DaimlerChrysler AG’s Chrysler Group said Thursday it will give two years of free gas to customers who buy a 2005 or 2006 vehicle before Jan. 3, following announcements of new discounts by rivals General Motors Corp. and Ford Motor Co.
Chrysler will also kick in two years of free scheduled maintenance and increase the warranty on mechanical parts to five years or 60,000 miles. Chrysler now offers a three-year, 36,000-mile warranty. The offer, called the “Miles of Freedom” plan, begins Monday.
“The combination of free gasoline, free scheduled maintenance and a full warranty puts our customers’ mind at ease and allows them to fully experience the joy of driving one of our vehicles,” said Joe Eberhardt, Chrysler’s executive vice president of global sales, marketing and service.
The company said the free gas will come in the form of a $2,400 debit card that can be used for anything. Alan Helfman, manager of River Oaks Chrysler Jeep in Houston, said the free maintenance is worth $200 to $300 and the extended warranty is worth $600 to $700.
“It’s a great tool for marketing,” Helfman said.
DaimlerChrysler shares rose $2.03, or 4.1 percent, to close at $51.18 Thursday on the New York Stock Exchange
For the rest of November, customers will be able to choose between the new incentive or cash-back plans already in place that expire Nov. 30. Helfman said some customers might still choose the cash, although the new plan could be a better deal. The 2006 Jeep Commander, which starts at $27,290, currently has a $1,500 rebate, Helfman said. Under the new plan, that would double.
Chrysler is excluding some of its hottest-selling vehicles from the plan, including the Dodge Viper, Chrysler 300, Dodge Magnum, Dodge Charger, Dodge Sprinter and SRT8.
Chrysler is the latest of the Big Three to announce new incentives to boost anemic sales. After a summer of heavily promoted employee-pricing discounts, the Big Three’s sales fell a combined 17.6 percent in October, according to Autodata Corp. Chrysler fared better than GM and Ford, with flat sales compared to October 2004.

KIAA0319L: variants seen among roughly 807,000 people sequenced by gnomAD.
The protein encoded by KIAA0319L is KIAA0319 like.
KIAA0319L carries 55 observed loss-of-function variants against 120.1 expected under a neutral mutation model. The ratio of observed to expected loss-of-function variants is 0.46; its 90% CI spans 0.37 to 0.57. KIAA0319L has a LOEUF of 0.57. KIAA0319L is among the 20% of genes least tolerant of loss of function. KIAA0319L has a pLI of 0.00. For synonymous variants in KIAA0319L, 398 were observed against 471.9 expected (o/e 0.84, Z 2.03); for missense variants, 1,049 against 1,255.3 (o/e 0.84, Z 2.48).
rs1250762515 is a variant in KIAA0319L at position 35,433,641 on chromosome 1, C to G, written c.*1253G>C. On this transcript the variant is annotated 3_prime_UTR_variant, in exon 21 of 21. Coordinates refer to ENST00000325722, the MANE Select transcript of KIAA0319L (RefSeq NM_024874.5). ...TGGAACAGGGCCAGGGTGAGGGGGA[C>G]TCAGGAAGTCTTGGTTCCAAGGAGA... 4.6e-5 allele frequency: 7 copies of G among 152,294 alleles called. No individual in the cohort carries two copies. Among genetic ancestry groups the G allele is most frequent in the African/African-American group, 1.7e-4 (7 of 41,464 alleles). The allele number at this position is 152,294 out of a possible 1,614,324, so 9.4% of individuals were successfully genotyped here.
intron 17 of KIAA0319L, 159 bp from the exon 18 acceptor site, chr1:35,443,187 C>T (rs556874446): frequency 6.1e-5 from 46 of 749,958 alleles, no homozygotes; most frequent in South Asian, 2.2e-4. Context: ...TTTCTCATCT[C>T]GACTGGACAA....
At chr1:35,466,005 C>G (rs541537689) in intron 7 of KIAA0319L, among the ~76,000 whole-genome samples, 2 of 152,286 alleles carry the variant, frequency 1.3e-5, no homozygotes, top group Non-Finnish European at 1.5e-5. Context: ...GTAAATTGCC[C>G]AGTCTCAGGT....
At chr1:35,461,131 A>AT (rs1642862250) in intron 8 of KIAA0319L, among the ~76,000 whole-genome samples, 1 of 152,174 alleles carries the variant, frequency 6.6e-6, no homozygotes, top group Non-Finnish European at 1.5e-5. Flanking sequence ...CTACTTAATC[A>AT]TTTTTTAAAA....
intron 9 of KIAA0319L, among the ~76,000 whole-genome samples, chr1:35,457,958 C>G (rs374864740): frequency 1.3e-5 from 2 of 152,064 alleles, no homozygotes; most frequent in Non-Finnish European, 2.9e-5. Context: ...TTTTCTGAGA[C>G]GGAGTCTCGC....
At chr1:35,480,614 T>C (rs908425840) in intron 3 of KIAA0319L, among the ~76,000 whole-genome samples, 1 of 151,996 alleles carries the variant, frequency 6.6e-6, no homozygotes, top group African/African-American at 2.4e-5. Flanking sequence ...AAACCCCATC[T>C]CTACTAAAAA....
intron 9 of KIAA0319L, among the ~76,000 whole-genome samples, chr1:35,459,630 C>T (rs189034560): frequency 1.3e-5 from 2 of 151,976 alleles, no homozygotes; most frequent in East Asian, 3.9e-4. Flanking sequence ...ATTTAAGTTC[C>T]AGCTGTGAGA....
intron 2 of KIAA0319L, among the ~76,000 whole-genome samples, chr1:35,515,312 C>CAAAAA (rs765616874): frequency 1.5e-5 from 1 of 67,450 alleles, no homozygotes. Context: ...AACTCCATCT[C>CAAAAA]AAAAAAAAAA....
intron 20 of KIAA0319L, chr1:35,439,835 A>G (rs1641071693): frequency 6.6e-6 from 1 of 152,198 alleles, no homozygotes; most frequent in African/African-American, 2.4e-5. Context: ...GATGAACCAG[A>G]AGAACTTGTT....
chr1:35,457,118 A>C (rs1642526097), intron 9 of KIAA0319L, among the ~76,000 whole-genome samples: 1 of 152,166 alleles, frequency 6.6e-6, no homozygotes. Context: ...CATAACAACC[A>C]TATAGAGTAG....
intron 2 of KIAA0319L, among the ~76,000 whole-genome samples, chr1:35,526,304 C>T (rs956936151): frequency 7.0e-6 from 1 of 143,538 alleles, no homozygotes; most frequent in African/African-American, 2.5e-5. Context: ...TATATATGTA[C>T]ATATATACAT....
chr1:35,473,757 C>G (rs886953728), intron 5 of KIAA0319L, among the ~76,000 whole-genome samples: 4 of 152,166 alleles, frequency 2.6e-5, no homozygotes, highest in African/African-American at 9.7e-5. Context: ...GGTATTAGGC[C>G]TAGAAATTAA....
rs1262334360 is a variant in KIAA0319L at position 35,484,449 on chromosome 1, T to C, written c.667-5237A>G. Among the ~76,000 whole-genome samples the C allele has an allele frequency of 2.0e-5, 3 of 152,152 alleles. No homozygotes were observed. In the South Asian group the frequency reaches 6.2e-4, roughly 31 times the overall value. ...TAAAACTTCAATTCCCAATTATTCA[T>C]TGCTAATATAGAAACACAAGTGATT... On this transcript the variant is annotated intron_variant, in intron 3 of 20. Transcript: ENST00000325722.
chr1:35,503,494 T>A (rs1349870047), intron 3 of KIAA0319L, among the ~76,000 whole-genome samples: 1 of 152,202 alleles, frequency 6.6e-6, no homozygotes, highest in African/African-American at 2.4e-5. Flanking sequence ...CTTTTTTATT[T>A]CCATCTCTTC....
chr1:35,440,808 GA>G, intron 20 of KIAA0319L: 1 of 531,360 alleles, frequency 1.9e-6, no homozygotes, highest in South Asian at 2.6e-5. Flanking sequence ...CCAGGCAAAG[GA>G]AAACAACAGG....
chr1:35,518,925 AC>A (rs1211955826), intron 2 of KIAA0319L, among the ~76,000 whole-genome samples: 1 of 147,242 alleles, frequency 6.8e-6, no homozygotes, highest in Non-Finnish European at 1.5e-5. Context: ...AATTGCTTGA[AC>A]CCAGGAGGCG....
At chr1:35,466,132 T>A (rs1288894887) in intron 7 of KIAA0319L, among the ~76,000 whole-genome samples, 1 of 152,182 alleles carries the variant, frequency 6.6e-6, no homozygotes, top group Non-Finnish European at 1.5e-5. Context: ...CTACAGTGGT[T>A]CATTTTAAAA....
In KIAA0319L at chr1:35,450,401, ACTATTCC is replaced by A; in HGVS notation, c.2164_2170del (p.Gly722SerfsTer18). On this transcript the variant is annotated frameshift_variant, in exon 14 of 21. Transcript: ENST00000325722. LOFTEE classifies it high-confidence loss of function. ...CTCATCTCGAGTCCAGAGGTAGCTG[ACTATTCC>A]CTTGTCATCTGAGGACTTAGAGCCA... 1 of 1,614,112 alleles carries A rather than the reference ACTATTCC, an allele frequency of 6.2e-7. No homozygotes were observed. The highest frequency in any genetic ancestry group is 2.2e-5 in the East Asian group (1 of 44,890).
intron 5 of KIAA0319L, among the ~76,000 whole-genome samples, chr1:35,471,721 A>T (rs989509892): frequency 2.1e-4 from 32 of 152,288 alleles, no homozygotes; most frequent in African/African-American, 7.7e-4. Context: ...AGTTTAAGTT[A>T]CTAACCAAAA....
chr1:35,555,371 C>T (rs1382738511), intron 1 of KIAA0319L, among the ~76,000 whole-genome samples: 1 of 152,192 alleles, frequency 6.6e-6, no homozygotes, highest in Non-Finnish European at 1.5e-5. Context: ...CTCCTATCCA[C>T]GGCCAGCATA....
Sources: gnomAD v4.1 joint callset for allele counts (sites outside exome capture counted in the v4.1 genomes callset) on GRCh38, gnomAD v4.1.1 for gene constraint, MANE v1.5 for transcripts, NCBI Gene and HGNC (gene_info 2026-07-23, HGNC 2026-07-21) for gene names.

Automakers typically offer discounts over the holidays, but GM jump-started those promotions earlier than usual when it announced its “Red Tag” discount this week. GM’s plan allows buyers to pay a fixed maximum price advertised on red tags at dealerships.
Ford’s rebate offer has a similar no-haggle aspect. Under its “Keep It Simple Plan,” customers are given one consistent, maximum price that will be printed on vehicles’ window stickers.
Chrysler isn’t the first to offer free gas. Mitsubishi Corp. since September has been offering one year of free gas for customers who buy a 2005 vehicle.
U.S. automakers have a love-hate relationship with incentives, which boost sales but can cheapen a brand’s image. Asian automakers also use incentives, but they’re generally much lower.
GM, Ford and Chrysler have all tried to pull back on incentives but returned to them when sales slowed. As soon as October sales were released, Chrysler slapped a $1,000 discount on all 2005 and 2006 vehicles.
Chrysler had the highest incentives of any major automaker in October at $3,075 per vehicle, according to Autodata. Honda Motor Co. spent the least, at $618 per vehicle.